Tax Advantages of Investing in Oil & Gas

Oil and Gas development from domestic reserves reduces the United States' dependence on foreign oil imports. As a result, the U.S. government offers tax advantages to Oil and Gas investors in an effort to stimulate production and drive economic growth.

potential tax benefits example

Why Invest in Oil & Gas?

Investing in Oil and Gas presents an alternative opportunity for tax savvy investors to capitalize on a resource that is in high demand for many industries, including transportation, heating, cooling, manufacturing and other energy-intensive activities.

How Investing in Oil & Gas Can Help Investors Lower their Tax Burden

With tax advantages such as deductions for certain costs related to the exploration and development of wells, Oil and Gas investors can reduce their taxable income, which can lead to lower overall taxes owed. 

Additionally, some tax credits are available that allow individuals who invest in new oil exploration or other similar projects to receive a credit against their income tax liabilities.

In addition, special provisions in the U.S. tax code allow investors in Oil and Gas ventures to exclude a portion of their profits from taxation when certain conditions are met. 

Consult your tax advisor for more detailed information.

Examples of Potential Benefits of Investing in Oil and Gas

With the passage of the Tax Reform Act of 1986 (the “Act”), Oil and Gas ventures remain one of the few tax-advantaged investments available to American taxpayers. In fact, the Act specifically exempts Oil and Gas working interests from being classified as “Passive Income.” 

In addition to this, the following potential tax advantages are exclusive to the Oil and Gas industry.

  • Intangible Drilling Costs: 100% tax deductible during the first year.
  • Tangible Drilling Costs: 100% tax deductible.
  • Depletion Allowance: 15% of gross production revenue is tax-free.
  • Active Income Deductions can be deducted against business income, salaries, capital gross, interest income, etc.

Intangible Drilling & Development Cost Tax Deduction

Intangible Drilling Cost (IDC) is a term used to describe the costs associated with drilling and completing a well, but that don't typically have a physical component. These types of costs are referred to as "intangible" because they do not involve the production of any tangible asset such as materials or equipment. Examples of IDCs include mobilization fees, drill pipe rental fees, rig and crew wages, site preparation costs, mud and cement services, inspection and testing fees, land access fees, hauling services, and other related costs.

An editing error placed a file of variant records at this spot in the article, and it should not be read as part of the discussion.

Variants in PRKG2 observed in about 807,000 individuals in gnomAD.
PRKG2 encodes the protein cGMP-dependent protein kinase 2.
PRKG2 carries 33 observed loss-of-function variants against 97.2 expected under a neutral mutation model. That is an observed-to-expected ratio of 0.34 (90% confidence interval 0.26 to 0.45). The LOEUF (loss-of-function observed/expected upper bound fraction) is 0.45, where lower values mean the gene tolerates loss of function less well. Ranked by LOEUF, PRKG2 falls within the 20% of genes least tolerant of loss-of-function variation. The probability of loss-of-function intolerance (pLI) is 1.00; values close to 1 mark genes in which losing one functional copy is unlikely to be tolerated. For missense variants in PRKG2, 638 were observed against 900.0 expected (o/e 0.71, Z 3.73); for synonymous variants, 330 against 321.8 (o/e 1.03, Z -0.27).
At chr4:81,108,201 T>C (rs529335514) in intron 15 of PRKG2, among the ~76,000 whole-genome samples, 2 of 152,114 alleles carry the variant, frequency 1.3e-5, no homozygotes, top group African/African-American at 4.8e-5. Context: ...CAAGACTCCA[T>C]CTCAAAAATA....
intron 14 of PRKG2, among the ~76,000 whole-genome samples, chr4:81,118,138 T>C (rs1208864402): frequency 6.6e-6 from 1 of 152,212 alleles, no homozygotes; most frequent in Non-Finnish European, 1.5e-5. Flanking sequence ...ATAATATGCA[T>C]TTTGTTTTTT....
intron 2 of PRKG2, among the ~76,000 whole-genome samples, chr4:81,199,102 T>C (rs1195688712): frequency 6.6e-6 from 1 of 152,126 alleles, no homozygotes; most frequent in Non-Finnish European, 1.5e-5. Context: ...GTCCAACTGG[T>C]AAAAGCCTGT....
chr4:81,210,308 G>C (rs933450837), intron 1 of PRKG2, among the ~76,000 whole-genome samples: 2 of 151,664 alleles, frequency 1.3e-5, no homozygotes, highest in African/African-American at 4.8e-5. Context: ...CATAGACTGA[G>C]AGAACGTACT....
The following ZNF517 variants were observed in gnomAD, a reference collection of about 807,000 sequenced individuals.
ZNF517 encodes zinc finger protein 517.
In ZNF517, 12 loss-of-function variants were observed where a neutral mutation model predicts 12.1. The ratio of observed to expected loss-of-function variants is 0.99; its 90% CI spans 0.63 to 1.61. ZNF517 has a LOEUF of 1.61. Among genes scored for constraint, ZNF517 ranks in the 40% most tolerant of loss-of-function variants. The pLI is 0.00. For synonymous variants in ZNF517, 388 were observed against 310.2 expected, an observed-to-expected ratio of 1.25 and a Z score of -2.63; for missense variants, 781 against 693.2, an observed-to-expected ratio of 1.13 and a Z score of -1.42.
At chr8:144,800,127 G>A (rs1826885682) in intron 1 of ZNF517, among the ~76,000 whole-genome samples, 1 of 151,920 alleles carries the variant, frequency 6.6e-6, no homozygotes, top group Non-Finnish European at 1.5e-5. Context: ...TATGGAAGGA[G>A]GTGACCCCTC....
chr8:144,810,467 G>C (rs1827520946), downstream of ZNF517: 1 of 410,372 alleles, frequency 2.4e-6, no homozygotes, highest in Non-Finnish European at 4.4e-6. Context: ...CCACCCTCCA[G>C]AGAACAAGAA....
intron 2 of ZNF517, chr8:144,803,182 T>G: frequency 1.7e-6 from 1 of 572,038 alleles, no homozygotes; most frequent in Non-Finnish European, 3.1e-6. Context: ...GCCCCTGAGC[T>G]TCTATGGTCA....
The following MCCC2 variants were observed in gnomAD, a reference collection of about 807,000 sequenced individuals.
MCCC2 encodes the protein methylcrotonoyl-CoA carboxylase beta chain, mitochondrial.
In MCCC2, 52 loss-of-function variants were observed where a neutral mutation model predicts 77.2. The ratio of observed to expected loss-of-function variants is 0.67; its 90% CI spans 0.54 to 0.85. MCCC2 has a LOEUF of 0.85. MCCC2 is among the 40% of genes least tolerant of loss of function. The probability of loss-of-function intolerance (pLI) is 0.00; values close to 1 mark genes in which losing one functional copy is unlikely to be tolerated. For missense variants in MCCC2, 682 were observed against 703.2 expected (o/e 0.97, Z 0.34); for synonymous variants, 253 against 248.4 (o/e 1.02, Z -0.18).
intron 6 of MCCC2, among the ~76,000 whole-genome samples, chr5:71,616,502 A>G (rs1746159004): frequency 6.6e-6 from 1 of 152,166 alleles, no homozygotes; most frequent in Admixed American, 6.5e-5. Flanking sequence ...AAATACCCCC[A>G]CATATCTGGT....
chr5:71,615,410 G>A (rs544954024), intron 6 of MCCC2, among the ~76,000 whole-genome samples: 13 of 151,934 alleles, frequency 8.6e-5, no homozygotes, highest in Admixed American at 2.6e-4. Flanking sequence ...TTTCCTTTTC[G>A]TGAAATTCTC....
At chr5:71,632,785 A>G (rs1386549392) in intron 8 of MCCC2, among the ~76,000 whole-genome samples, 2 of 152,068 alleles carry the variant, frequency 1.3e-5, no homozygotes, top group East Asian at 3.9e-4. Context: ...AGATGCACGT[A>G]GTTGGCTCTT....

In an Oil and Gas drilling project, a large portion of the investment is considered IDC, which may be 100% deductible during the year paid. The amount of tax deduction for IDC will vary depending on the nature of the drilling project.

Tangible Drilling & Development Cost Benefits

Tangible Drilling Development and Completion Cost (TDC) represents the physical components used in drilling and completing a well, such as drill bits, pipes, casings and cement. These items are intended to be used for several years before they need replacement or must be upgraded due to changing market conditions.

The total amount of an investment allocated to TDC may be amortized and depreciated over 5-7 years because of the nature of the asset. 

TDC greatly benefits Oil and Gas investors by giving them accurate figures that allow them to gauge potential returns on their investments, compare different drilling projects in terms of cost-effectiveness, and protect themselves from unexpected expenses related to a particular project.

Small Producers Tax Exemption

The 1990 Tax Act provided tax advantages for the typical investor in Oil and Gas drilling projects. This “Small Producers Exemption” allows 15% of any investor’s gross income for an Oil and Gas property to be TAX FREE, subject to certain limitations. The tax benefit is not available to large companies or taxpayers who sell oil or natural gas through retail outlets or those who engage in refining crude oil with runs of more than 50,000 barrels per day. It is also not available to investors owning more than 1,000 barrels of oil or 6,000,000 cubic fee of gas average daily production. The Joint Venture's drilling operations will quality for “Percentage Depletion” tax benefits. Each investor’s annual tax return should claim “Small Producers Exemption”, if applicable.

Oil & Gas Investments are not Passive Income

The Tax Reform Act of 1986 introduced the concept of “passive” income and “active” income. The Act prohibits the offsetting of losses from passive activities against income from active businesses. The Act provides that a working interest in an Oil and Gas drilling program is not “passive” activity. Accordingly, deductions can be offset against income from business income, salaries, etc.

* Investors should contact their personal tax advisors and  review tax aspects in the Confidential Information Memorandum.  IRS CIRCULAR 230 NOTICE: The statements  contained herein are not intended to and do not constitute an opinion as to any tax or other matter.  Any statement contained in this communication (including any attachments) concerning U.S. tax matters is not intended or written to be used, and cannot be used, for the purpose of (i) avoiding penalties under the Internal Revenue Code or (ii) promoting, marketing or recommending to another party any transaction or matter addressed herein.

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